Wednesday, 31 July 2019

JULY '19

 Little Pied Cormorant

 Crested Pigeon. They too, have started calling and displaying to each other in this mild winter we had so far.

 A male Fan-tailed Cuckoo

Male Golden Whistler 

 Spotted Pardalotes, female above and male below, are still very vocal and common.

 Male Scarlet Honeyeater feeding on nectar.

 Laughing Kookaburra

A male Rufous Whistler preening.

 Australian Brushturkey

A pair of Black-faced Cuckooshrikes reappeared after a few weeks away (?)


More and more birds are expressing breeding behaviours, I was surprised to see a pair of Rainbow Lorikeets on the ground with one bird pecking and feeding on something and the other dancing around it.

It looks like a single Spangled Drongo is left in the reserve at this time of the year, maybe a male holding the breeding territory?

Australian King Parrots, female above, male below. 

 A male Australian Figbird, the orange-pink skin around its yes will become scarlet red in a few months during the breeding season.

The Crested Pigeons have started displaying and calling in pairs, for them too, the breeding season has truly started.

Maybe the Red-necked Wallaby is back....  I have heard something jumping in the bush and then I saw these fresh droppings.

 A cute Black Flying Fox.

Two Eastern Spinebills were feeding in this flowering bush and one called repeatedly for a while.

A beautiful Queensland Silver Wattle Acacia poldalyriifolia in full bloom along the creek.

 Grey Butcherbird calling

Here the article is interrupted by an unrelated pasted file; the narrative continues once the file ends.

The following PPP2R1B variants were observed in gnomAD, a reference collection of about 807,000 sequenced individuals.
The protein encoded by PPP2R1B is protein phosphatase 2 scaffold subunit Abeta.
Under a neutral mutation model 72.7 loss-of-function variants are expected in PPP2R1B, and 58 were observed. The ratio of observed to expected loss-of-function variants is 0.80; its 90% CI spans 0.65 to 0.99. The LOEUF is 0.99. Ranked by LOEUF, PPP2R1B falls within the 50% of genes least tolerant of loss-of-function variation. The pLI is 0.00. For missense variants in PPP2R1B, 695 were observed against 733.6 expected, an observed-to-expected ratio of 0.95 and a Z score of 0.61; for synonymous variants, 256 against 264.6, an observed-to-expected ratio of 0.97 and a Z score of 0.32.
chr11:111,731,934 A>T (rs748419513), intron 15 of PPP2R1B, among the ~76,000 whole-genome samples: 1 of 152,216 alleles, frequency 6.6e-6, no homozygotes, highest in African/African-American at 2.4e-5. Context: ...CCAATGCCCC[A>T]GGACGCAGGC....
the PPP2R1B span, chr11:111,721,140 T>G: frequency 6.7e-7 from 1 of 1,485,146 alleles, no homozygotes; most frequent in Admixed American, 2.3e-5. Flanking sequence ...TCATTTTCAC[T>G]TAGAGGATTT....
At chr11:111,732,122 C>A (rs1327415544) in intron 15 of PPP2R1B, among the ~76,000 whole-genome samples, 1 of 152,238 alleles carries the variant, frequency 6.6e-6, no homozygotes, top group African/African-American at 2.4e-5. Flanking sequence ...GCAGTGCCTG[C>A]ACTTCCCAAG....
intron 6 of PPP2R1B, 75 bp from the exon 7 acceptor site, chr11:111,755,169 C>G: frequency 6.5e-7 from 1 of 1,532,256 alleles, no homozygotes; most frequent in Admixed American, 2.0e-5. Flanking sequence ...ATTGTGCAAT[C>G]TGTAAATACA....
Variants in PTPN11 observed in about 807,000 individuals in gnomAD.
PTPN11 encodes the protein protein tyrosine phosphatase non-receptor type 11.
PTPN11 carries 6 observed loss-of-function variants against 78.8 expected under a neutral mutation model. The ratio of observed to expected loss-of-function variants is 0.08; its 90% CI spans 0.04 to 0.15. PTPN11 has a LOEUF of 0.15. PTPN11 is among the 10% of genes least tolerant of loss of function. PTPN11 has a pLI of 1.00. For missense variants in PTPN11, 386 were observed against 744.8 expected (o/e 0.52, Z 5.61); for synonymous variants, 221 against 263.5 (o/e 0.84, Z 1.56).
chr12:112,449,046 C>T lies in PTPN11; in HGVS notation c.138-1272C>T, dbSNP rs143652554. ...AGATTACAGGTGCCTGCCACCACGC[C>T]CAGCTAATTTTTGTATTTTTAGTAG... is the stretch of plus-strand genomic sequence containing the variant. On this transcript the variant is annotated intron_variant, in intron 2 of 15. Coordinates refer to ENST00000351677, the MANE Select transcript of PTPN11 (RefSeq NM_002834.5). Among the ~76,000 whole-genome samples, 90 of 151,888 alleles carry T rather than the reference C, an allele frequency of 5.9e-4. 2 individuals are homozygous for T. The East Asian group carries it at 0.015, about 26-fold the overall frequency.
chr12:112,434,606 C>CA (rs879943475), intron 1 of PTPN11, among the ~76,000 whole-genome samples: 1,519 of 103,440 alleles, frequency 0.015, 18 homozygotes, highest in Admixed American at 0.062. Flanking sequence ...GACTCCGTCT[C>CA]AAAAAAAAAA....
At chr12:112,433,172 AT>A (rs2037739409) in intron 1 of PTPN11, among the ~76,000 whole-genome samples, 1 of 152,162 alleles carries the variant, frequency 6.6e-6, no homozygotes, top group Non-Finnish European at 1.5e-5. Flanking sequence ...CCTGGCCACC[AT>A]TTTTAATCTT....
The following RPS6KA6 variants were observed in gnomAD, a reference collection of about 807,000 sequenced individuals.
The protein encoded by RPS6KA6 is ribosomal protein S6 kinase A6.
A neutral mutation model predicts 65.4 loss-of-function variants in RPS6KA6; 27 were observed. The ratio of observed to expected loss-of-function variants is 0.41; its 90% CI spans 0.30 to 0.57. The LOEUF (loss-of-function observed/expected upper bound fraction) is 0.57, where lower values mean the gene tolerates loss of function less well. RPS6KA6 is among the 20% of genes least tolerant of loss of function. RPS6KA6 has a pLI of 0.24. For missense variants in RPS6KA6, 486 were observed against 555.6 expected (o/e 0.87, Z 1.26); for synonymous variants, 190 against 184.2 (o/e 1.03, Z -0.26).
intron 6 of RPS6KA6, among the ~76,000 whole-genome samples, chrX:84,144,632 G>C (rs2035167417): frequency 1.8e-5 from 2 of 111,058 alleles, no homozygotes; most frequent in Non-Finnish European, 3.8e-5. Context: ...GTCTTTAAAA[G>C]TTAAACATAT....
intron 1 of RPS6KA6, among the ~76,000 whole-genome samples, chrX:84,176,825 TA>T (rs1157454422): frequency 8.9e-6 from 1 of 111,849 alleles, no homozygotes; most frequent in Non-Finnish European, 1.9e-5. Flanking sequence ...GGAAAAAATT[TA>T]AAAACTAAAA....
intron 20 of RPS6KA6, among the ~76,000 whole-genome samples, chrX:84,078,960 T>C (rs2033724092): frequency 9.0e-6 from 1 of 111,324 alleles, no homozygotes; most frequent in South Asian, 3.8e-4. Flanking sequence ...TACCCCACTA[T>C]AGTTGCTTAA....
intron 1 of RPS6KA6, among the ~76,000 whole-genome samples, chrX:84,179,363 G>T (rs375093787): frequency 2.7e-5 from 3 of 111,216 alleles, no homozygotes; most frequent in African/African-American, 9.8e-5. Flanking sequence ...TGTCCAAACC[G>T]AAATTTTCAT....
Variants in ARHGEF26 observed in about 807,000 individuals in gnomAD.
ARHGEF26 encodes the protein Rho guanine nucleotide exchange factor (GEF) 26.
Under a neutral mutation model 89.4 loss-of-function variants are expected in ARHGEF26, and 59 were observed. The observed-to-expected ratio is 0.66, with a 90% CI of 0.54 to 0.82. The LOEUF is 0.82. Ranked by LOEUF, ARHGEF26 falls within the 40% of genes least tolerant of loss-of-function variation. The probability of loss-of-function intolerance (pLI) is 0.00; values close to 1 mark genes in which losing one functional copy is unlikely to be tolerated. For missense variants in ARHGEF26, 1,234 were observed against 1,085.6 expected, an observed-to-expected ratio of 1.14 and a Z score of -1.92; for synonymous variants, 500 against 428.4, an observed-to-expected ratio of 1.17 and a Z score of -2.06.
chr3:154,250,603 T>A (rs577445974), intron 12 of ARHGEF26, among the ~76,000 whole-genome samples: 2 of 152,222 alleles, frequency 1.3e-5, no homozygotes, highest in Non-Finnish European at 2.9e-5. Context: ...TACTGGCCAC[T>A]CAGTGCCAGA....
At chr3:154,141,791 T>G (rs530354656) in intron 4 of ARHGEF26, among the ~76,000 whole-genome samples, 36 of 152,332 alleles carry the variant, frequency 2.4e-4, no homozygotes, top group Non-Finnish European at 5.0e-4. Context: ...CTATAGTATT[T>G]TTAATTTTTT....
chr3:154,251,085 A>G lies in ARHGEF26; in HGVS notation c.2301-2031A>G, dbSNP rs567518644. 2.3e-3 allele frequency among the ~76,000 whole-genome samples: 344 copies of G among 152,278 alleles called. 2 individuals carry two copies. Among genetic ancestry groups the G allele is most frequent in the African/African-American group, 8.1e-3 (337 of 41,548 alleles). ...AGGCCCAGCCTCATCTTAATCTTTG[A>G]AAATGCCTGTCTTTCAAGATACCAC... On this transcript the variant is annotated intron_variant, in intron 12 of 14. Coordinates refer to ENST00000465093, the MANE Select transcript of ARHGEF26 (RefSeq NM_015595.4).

Black-faced Cuckooshrike

Kookaburra expecting some food.

I was very glad to be able to take a reasonably good photo of the Azure Kingfisher, here at the eastern bridge just where dogs love to swim at dog-walking rush-hour. I see the Azure Kingfisher more often during the cooler months and it is usually darting fast and calling along Breakfast Creek. Today 20.7.19 it lingered a little bit longer, looking down at the water for small fish.

 A Koala sleeping in the heart of the reserve, seen from one of the main tracks.

Masked Lapwing


Dusky Moorhen

 Much chasing, booming and territorial defence going on with the Brush Turkeys.

 Brown Gerygone, I didn't see it nor hear it yesterday, I thought it left for a rainforest at higher altitude but today (21.7.19) there it was, calling, preening and feeding among the canopy. I wonder how long before it will go to its breeding grounds.

Much calling, singing and chasing around through the tall grass, low bushes and reeds for the White-throated Scrub-wrens.

 Finally after about two months, I saw the Brown Goshawk back in the reserve.

Male Australian Magpie

A very shy Tawny Grassbird that I have been hearing singing from the carpark lately, maybe trying to attract a mate? I really hope it will succeed.

Red-backed Fairywren, male.

Royal Spoonbill

This July I have visited the reserve ten times, saw a total of 65 species of birds, on average 44.5 per outing. Here is the complete list of birds seen during this month.